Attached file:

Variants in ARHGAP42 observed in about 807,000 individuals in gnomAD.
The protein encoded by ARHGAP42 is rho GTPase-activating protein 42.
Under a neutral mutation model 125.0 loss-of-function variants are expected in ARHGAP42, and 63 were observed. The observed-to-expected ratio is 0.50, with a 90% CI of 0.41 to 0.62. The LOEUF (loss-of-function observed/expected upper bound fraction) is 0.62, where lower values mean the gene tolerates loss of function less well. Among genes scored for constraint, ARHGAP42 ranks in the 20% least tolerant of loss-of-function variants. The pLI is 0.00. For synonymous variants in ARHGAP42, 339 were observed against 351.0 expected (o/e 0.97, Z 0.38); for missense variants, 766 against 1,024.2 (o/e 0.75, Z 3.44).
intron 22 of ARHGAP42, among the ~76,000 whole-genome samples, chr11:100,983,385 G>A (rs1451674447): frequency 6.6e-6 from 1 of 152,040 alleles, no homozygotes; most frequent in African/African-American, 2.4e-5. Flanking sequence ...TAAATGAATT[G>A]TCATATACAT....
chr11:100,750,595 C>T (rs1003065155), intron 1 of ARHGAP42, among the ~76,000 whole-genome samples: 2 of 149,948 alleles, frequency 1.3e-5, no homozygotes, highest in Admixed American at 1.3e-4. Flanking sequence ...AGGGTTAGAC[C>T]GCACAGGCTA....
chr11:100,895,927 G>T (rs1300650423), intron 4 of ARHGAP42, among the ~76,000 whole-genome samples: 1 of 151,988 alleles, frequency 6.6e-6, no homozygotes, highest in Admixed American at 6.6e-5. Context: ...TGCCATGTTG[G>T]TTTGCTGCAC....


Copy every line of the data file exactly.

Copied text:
Variants in ARHGAP42 observed in about 807,000 individuals in gnomAD.
The protein encoded by ARHGAP42 is rho GTPase-activating protein 42.
Under a neutral mutation model 125.0 loss-of-function variants are expected in ARHGAP42, and 63 were observed. The observed-to-expected ratio is 0.50, with a 90% CI of 0.41 to 0.62. The LOEUF (loss-of-function observed/expected upper bound fraction) is 0.62, where lower values mean the gene tolerates loss of function less well. Among genes scored for constraint, ARHGAP42 ranks in the 20% least tolerant of loss-of-function variants. The pLI is 0.00. For synonymous variants in ARHGAP42, 339 were observed against 351.0 expected (o/e 0.97, Z 0.38); for missense variants, 766 against 1,024.2 (o/e 0.75, Z 3.44).
intron 22 of ARHGAP42, among the ~76,000 whole-genome samples, chr11:100,983,385 G>A (rs1451674447): frequency 6.6e-6 from 1 of 152,040 alleles, no homozygotes; most frequent in African/African-American, 2.4e-5. Flanking sequence ...TAAATGAATT[G>A]TCATATACAT....
chr11:100,750,595 C>T (rs1003065155), intron 1 of ARHGAP42, among the ~76,000 whole-genome samples: 2 of 149,948 alleles, frequency 1.3e-5, no homozygotes, highest in Admixed American at 1.3e-4. Flanking sequence ...AGGGTTAGAC[C>T]GCACAGGCTA....
chr11:100,895,927 G>T (rs1300650423), intron 4 of ARHGAP42, among the ~76,000 whole-genome samples: 1 of 151,988 alleles, frequency 6.6e-6, no homozygotes, highest in Admixed American at 6.6e-5. Context: ...TGCCATGTTG[G>T]TTTGCTGCAC....